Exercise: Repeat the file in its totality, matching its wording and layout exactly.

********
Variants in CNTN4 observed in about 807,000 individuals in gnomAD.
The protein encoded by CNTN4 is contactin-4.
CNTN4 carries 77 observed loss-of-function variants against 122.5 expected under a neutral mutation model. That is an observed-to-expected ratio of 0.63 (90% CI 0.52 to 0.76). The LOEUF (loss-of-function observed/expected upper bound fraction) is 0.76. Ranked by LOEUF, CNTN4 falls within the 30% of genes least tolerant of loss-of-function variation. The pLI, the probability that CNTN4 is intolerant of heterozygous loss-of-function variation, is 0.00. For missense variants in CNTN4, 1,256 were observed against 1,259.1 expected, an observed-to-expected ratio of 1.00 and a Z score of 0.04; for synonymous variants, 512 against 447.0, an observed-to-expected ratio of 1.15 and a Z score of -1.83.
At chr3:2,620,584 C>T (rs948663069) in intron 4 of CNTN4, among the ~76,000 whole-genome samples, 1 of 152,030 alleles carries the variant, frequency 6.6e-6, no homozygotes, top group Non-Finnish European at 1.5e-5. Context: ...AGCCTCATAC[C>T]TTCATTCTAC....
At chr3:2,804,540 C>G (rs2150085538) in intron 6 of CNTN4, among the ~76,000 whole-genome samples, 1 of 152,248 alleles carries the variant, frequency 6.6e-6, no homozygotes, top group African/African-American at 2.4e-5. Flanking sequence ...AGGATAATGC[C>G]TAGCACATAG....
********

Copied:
Variants in CNTN4 observed in about 807,000 individuals in gnomAD.
The protein encoded by CNTN4 is contactin-4.
CNTN4 carries 77 observed loss-of-function variants against 122.5 expected under a neutral mutation model. That is an observed-to-expected ratio of 0.63 (90% CI 0.52 to 0.76). The LOEUF (loss-of-function observed/expected upper bound fraction) is 0.76. Ranked by LOEUF, CNTN4 falls within the 30% of genes least tolerant of loss-of-function variation. The pLI, the probability that CNTN4 is intolerant of heterozygous loss-of-function variation, is 0.00. For missense variants in CNTN4, 1,256 were observed against 1,259.1 expected, an observed-to-expected ratio of 1.00 and a Z score of 0.04; for synonymous variants, 512 against 447.0, an observed-to-expected ratio of 1.15 and a Z score of -1.83.
At chr3:2,620,584 C>T (rs948663069) in intron 4 of CNTN4, among the ~76,000 whole-genome samples, 1 of 152,030 alleles carries the variant, frequency 6.6e-6, no homozygotes, top group Non-Finnish European at 1.5e-5. Context: ...AGCCTCATAC[C>T]TTCATTCTAC....
At chr3:2,804,540 C>G (rs2150085538) in intron 6 of CNTN4, among the ~76,000 whole-genome samples, 1 of 152,248 alleles carries the variant, frequency 6.6e-6, no homozygotes, top group African/African-American at 2.4e-5. Flanking sequence ...AGGATAATGC[C>G]TAGCACATAG....